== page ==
“If we are talking about violating the guardrails that are in the ACA that provide protections for comprehensive coverage, for coverage numbers for benefits, then that’s something that Democrats are not going to agree to — it was something that was heavily litigated during the [repeal and replace] debate,” said health expert Topher Spiro during a bipartisan ACA event hosted by liberal Center for American Progress (CAP) and conservative American Enterprise Institute (AEI). ThinkProgress is editorially independent of CAP.
State innovations waivers, as outlined in section 1332 of the ACA, allow states to waive key provisions of the law as long as they do not jeopardize health coverage afforded to patients and the federal deficit is not increased. Under current law, states can already waive regulations, essential health benefits, which is when insurance companies must offer a basic set of benefits. Before the Department of Health and Human Services (HHS) can approve such waiver, they need to ensure no substantial losses in health coverage and affordability. Additionally, before a state can apply for a wavier, the state needs to pass legislation enacting the plan.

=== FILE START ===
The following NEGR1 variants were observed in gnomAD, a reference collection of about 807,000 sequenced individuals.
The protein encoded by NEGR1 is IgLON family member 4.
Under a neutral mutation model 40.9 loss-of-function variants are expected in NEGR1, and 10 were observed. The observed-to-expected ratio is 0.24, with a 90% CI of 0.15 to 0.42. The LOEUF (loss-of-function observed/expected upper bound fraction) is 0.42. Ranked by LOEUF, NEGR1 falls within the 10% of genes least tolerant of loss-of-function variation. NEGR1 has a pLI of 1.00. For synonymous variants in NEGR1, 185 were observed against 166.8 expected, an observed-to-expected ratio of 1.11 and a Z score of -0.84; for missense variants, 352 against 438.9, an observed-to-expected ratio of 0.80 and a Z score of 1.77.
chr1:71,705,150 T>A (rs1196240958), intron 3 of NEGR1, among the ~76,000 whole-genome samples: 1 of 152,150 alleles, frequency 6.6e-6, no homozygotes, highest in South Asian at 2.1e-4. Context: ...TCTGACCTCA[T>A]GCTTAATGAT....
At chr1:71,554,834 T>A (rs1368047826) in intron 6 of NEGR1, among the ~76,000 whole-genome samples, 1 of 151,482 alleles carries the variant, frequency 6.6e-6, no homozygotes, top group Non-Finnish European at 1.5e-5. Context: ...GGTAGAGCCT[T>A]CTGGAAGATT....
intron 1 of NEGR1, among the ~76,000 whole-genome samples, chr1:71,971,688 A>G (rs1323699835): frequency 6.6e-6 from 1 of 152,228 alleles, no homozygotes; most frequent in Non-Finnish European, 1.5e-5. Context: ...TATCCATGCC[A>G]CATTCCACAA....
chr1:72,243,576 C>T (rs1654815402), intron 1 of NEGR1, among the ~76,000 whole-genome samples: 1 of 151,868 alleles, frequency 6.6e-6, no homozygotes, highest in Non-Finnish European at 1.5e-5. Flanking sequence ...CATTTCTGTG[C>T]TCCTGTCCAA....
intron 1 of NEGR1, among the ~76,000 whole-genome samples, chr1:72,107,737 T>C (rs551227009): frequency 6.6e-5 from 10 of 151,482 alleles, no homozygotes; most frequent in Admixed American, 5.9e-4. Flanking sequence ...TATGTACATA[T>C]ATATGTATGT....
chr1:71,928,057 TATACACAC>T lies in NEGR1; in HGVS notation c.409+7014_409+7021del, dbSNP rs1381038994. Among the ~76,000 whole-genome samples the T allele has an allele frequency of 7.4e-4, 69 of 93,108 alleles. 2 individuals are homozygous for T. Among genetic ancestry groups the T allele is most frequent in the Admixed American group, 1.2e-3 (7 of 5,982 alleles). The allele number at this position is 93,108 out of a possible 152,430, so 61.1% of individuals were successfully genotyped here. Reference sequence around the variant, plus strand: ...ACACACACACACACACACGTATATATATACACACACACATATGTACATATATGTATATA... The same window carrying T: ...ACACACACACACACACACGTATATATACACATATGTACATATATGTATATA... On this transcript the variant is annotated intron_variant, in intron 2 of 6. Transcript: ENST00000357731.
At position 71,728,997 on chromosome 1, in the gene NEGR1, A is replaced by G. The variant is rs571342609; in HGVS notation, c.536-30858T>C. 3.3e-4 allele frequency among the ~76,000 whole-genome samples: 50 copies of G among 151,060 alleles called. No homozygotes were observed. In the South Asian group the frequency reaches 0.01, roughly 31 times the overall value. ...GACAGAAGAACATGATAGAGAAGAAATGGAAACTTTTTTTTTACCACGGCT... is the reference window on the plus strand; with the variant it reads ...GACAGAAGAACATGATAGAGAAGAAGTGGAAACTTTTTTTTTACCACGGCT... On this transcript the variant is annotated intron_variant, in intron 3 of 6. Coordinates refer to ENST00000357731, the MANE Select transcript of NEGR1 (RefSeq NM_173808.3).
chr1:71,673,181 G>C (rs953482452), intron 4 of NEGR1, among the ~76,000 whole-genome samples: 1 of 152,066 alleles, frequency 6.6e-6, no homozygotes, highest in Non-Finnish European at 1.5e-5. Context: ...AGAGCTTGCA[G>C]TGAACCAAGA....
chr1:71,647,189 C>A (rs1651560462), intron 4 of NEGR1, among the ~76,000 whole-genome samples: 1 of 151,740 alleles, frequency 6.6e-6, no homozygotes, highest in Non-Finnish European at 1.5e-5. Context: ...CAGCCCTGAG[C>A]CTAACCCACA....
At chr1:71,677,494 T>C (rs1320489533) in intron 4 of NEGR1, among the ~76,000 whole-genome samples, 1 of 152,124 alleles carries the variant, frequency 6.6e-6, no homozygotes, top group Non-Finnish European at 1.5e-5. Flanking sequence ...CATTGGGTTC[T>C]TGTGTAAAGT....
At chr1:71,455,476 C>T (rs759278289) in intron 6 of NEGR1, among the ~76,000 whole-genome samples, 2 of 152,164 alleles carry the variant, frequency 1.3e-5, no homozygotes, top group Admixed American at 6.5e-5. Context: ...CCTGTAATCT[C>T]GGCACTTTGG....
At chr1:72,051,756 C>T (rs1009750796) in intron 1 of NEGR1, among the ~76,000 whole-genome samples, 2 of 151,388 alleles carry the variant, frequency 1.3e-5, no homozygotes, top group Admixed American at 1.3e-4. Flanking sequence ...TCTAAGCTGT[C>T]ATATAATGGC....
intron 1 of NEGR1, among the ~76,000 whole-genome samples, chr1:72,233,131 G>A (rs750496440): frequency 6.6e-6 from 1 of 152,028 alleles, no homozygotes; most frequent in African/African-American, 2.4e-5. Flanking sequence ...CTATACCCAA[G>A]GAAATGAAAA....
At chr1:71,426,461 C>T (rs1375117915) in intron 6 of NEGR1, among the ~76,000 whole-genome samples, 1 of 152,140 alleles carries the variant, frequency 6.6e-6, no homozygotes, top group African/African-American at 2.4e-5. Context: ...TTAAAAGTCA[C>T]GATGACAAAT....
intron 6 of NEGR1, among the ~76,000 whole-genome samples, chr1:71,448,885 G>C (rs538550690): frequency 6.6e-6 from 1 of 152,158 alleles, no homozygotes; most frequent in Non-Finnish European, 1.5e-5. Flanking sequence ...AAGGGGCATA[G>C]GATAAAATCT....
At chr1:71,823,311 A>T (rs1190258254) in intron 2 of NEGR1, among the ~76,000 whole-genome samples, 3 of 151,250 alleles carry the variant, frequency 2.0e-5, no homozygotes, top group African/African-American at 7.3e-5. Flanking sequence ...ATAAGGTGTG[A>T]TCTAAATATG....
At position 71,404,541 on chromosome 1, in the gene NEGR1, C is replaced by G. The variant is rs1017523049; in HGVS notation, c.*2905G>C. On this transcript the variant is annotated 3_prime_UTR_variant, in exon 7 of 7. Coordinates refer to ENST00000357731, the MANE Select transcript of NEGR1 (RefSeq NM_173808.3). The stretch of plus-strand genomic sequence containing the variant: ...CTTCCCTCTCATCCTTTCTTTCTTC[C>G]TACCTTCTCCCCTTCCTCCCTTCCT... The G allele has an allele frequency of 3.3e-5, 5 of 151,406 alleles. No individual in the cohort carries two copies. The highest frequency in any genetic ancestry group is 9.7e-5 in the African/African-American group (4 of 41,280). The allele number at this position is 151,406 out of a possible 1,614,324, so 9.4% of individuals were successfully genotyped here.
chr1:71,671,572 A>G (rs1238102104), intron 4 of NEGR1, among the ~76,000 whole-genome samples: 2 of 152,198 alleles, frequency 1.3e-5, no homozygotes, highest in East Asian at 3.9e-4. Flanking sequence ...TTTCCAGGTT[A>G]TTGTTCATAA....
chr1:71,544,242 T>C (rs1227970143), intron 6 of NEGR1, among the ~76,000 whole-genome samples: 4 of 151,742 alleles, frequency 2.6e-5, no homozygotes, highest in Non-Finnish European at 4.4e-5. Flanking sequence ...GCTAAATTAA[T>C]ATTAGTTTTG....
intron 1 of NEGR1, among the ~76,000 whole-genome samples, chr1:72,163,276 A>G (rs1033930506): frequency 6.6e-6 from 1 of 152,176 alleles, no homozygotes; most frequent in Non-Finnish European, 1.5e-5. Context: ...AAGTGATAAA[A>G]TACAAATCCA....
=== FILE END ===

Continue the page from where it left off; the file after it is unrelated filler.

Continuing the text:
During repeal and replacement efforts, Republicans tried to amend the health care law by removing the coverage-related guardrails. (The Center for Health Policy at Brookings Institution has a good write-up on how the Senate GOP health bill looked to change 1332 waivers.) The Senate parliamentarian ruled that the GOP bill could not pass a bill that includes such waiver changes under reconciliation, which allows the Senate to pass a bill with a simple majority. If conservatives want any major tweaks done to section 1332, it’ll have to be done through regular order.